Mayor Sadiq Khan is pleading with people to stay off the London Underground, or Tube, to keep it safe for key workers — but as recently as March 3rd he said travel on the subway system presented “no risk”.
In an televised interview on Good Morning Britain, Mayor Khan was asked by host Sussana Reid: “Can you see a situation in which a sort of metaphorical ring of steel is put around London in order not to spread the virus, in the same way that we’ve seen has happened in Wuhan in China?”
Khan insisted he could not foresee such a situation — which has now unfolded in Finland, for example, where Helsinki and the capital region are sealed off from the rest of the country — and claimed that plans were in place were to “contain the virus, to delay it’s spreading”.
Reid pressed her point, however, asking him: “at what point will you say to people, in this containment, or even in the next delay stage, look, being in public transport is obviously a risk factor, people are coughing and sneezing on a crowded Tube carriage, that is going to put you at risk — you know, people might be saying [to Khan] now, as mayor of the city, should we still be getting on public transport and using the tubes?”
“Well, it’s very important that we don’t spread panic or alarm based on misinformation,” the Labour politician replied.
“What we need to do as politicians is to rely upon the best advice we have from the public health experts and from the Chief Medical Officer — there is no risk in using the Tube or buses or other forms of public transport, or going to a concert,” he insisted.
Sadiq Khan: ‘Covid-19 Is Not a Chinese Virus’, Trump ‘Disgraceful’ https://t.co/Fpj1NXRsO3
— Breitbart London (@BreitbartLondon) March 20, 2020
“Mr Mayor, no disrespect, but how on earth can you say that in a city of 12 million people there is ‘no risk’ given that we now know it’s here and is beginning to spread here and we know that in other countries the spread has been ferocious — places like Italy, Iran, and others,” interrupted Piers Morgan, Reid’s co-host.
“How can you say as Mayor of London there is ‘no risk’ to people using public transport?”
“Because I rely on the advice I receive from Public Health England and the Chief Medical Officer,” Khan shot back, referring for a second time to top technocrat Professor Chris Witty — who is now in self-isolation with coronavirus symptoms himself.
“[T]he advice is you’re not going to catch if you’re washing your hands regularly and if you’re using public transport,” Khan continued.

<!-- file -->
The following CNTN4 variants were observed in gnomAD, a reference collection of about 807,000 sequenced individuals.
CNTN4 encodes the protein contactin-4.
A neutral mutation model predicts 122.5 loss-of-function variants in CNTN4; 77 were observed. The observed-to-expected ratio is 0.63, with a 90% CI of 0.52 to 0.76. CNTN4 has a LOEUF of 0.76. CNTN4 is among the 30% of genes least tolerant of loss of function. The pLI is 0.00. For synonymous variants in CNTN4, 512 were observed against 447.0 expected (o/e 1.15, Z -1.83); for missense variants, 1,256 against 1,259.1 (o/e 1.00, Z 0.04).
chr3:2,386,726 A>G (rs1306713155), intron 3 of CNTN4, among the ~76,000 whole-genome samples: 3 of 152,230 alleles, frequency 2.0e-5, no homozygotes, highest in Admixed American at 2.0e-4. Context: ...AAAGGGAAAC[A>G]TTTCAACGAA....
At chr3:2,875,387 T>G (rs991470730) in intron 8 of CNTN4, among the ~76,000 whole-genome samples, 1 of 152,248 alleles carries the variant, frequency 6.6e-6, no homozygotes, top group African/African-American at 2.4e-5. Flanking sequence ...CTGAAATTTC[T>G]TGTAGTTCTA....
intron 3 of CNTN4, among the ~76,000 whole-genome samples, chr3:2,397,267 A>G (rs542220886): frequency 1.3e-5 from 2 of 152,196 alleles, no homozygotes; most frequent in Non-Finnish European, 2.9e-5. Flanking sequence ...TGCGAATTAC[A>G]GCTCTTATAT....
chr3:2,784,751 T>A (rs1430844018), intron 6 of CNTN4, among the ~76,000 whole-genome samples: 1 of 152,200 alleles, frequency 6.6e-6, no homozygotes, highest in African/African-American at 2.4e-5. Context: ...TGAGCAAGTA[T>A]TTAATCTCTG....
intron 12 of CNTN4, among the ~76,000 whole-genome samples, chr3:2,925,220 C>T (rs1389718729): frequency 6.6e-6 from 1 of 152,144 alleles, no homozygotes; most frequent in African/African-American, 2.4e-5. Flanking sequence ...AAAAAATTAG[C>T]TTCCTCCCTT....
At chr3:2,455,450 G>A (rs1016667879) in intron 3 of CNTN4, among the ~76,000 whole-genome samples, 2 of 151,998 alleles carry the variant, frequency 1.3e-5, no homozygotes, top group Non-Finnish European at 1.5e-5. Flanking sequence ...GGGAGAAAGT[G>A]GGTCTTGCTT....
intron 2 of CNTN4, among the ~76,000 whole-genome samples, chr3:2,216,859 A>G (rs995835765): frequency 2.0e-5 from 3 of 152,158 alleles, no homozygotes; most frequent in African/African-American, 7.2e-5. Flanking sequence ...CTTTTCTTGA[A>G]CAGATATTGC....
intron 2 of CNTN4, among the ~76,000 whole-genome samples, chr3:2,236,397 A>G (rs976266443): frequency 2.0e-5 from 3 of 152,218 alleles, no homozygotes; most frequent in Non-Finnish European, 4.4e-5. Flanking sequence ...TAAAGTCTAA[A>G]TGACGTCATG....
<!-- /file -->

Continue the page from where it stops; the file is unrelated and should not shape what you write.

“On the Tube on a daily basis there are five million journeys, on our buses six million journeys, many of the concert venues in London have crowds of between 5,000 and 20,000,” he added — although without explaining why the statistics he provided would suggest anything but very strong potential for the London transport network to become a critical vector for the virus, despite his claims to the contrary.
Keeping Londoners and visitors to our city safe is my top priority as Mayor. Whilst there are no specific concerns about using public transport, to reduce the risk of coronavirus spreading @TfL have stepped up an enhanced cleaning regime across the transport network. #COVID19 pic.twitter.com/GfQyDYVZdY
— Sadiq Khan (@SadiqKhan) March 10, 2020
As recently as March 10th, May0r Khan was continuing to publish messages on social media claiming “there are no specific concerns about using public transport”, simply boasting that Transport for London (TfL) had introduced an “enhanced cleaning regime” and sharing pictures of himself posing with staff, clearly not practising social distancing.
Now, London has emerged as the British epicentre for coronavirus, with hospitals saying the fear being overwhelmed and the Tube network much reduced due to the fact that, as Khan himself reported in The Telegraph on March 28th, “nearly a third of our TfL staff are now off sick or self-isolating themselves.”
Khan used that Telegraph article to plead with “more people to stay at home to ensure our critical workers can travel safely” on the Tube, with the reduction in service meaning that the remaining trains are often still crowded.
It is not right to direct selective outrage at workers for crowded tubes & trains when their frequency has been cut & many operators have reduced the number of carriages on each train. It is now clear that running fewer, shorter trains is wrong. Key workers still need to travel.
— David Kurten (@davidkurten) March 24, 2020